5. Result Outputs
    1. Enter the Output tab to select and view result outputs.
    2. Explore and compare the various data outputs generated from the analysis of control and PMA by selecting the form of the output and clicking on the Output results button.
      Note: All data generated post-analysis for both controls and stimulations is saved in the analysis folder as chosen in the target sub-menu. Data are saved in either .csv or .pdf formats.
    3. Launch the Method file to obtain the version of the software and NET-criteria used for the analysis (to be included in methods section for publication purposes).
    4. Click on the Results data table to visualize the individual data points in a given sample.
    5. Visualize the NET area distribution and DNA:NET ratio in the samples. The red line indicates the threshold value in the graphs.
    6. Determine the NET area versus shape of DNA by clicking on the Bivariate distribution file.
  6. Loading Previous Analysis and Batch All Steps
    1. Load previously successful analysis settings into NETQUANT using the Load previous analysis button.
    2. Use the Batch all steps button included in the Setup menu to run steps 5‒12 (Figure 1, Figure 2, Figure 3, Figure 4, Figure 5) directly to obtain the final output.

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Representative Results

5 x 105 neutrophils/mL were seeded onto coverslips placed in a 12-well plate and stimulated with either 20 nM PMA or left unstimulated for 150 min. The samples were then stained using primary rabbit anti-human neutrophil elastase antibodies, secondary goat anti-rabbit fluorophore conjugated antibodies and DAPI - a fluorescently labelled dye that stains DNA (See the Table of Materials for details). A minimum of 5 images were then acquired using an epifluorescence microscope and a 20X (NA = 0.75) objective. Sample data used for the test analysis in the manuscript can be downloaded by following the link https://nordlab.med.lu.se/?page_id=34 and clicking on the sample dataset icon.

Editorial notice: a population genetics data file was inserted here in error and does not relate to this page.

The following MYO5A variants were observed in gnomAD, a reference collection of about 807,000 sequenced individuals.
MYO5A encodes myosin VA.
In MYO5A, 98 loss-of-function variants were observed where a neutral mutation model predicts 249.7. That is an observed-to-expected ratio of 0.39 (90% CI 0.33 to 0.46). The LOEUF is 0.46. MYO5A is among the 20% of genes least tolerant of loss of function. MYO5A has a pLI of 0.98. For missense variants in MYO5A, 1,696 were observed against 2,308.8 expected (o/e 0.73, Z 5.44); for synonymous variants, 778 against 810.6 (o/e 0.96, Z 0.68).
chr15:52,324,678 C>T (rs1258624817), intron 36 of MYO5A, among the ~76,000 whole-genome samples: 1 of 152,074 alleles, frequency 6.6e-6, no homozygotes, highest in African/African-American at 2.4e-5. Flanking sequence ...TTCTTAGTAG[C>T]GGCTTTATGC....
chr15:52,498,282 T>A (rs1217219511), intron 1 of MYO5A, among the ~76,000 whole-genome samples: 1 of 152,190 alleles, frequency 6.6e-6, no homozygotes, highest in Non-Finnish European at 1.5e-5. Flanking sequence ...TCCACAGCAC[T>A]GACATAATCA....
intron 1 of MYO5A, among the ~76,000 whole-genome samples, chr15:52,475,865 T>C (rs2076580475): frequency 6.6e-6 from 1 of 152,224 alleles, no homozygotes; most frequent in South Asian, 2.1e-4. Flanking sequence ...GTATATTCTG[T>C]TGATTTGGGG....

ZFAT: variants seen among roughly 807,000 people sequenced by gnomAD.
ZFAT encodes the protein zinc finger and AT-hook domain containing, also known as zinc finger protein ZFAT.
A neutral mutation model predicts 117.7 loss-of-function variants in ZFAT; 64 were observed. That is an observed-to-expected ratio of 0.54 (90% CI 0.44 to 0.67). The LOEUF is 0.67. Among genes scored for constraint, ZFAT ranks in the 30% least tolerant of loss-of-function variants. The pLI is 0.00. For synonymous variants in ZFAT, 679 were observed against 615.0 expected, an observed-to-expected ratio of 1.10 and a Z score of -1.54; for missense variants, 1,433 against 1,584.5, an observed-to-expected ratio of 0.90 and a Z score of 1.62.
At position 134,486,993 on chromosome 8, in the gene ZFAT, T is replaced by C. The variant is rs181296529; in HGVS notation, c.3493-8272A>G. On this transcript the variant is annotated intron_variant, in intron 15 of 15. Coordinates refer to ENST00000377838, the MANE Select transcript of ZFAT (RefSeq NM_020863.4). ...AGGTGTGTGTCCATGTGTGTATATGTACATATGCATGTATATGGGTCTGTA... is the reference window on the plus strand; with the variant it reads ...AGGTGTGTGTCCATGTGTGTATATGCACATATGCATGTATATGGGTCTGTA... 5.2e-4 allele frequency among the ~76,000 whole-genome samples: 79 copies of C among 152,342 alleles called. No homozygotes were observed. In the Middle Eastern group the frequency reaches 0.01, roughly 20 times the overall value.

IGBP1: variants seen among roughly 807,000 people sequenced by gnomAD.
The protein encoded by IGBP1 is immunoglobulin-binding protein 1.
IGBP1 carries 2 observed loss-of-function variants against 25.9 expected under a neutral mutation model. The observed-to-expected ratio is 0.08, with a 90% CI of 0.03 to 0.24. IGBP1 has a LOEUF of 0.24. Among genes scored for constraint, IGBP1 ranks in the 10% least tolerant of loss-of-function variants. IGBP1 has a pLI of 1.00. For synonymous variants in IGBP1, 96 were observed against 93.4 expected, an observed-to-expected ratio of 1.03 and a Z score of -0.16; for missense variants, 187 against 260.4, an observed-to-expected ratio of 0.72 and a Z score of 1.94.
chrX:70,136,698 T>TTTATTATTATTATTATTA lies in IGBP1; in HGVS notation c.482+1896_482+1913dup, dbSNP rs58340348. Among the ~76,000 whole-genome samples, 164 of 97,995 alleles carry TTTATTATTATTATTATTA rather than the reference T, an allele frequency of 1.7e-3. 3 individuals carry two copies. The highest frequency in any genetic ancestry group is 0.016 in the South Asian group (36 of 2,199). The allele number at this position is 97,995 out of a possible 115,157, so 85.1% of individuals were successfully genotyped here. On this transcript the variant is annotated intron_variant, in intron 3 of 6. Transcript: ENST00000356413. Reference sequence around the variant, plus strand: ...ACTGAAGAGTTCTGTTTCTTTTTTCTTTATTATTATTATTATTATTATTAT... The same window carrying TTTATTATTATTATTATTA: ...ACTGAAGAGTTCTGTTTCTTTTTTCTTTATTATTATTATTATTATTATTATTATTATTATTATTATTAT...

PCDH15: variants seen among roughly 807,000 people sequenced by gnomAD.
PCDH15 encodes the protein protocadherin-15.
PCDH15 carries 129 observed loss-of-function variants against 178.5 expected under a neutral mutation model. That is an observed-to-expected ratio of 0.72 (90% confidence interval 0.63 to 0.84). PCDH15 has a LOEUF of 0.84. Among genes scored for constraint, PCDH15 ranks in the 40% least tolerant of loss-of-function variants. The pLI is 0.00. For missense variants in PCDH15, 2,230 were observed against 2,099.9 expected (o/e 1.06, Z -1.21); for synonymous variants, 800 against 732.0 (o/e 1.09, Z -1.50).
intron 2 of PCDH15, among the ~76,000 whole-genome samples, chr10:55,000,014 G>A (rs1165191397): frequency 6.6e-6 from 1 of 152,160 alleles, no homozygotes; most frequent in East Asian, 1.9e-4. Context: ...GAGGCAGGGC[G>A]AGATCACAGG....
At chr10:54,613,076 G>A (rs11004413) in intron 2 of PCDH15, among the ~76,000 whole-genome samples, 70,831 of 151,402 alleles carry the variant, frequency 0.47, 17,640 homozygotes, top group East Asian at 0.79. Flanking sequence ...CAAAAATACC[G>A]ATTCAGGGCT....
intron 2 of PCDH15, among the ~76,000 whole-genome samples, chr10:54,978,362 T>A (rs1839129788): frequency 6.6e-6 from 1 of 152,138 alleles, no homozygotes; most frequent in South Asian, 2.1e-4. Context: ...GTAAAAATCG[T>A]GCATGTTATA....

Here we describe the ability of the NETQUANT workflow (Figure 1) to quantify NET formation in a given sample. The software tool can be installed as an app in MATLAB and can be used without any previous knowledge of this interface. The GUI of NETQUANT was used to analyze the datasets as described above. All images used for analysis by NETQUANT are always left unaltered in the parent directory. The GUI is divided into 4 tabs — setup tab, segmentation tab, analysis tab and results output tab. The samples were prepared for analysis in the setup tab (Figure 2). The file paths (1), naming conventions (2), image information (3) and channel orders (4) are defined by the user. The prepare data option (5) ensures that the conversion and organization in a standardized fashion throughout the experiment. The segmentation parameters were the set in the segmentation tab (Figure 3) to identify individual cells in the samples (6). The control samples are always segmented first (7) prior to the segmentation of stimulated samples (8). All recommended values for segmentation are indicated in the software tab. The properties that define unstimulated control cells are first acquired (9) and then compared to PMA stimulated cells (10) (Figure 4). NETs are then analyzed in the samples based upon the NET criteria (11) and displayed with total image counts, cell counts and corresponding NETs% in the control samples. The final data outputs from the analysis were selected and then visualized (Figure 5). An option for loading and using a previously successful analysis, and a batch-all option to process groups of steps 5-12 (Figure 1, Figure 2, Figure 3, Figure 4, Figure 5) have also been included in the setup tab.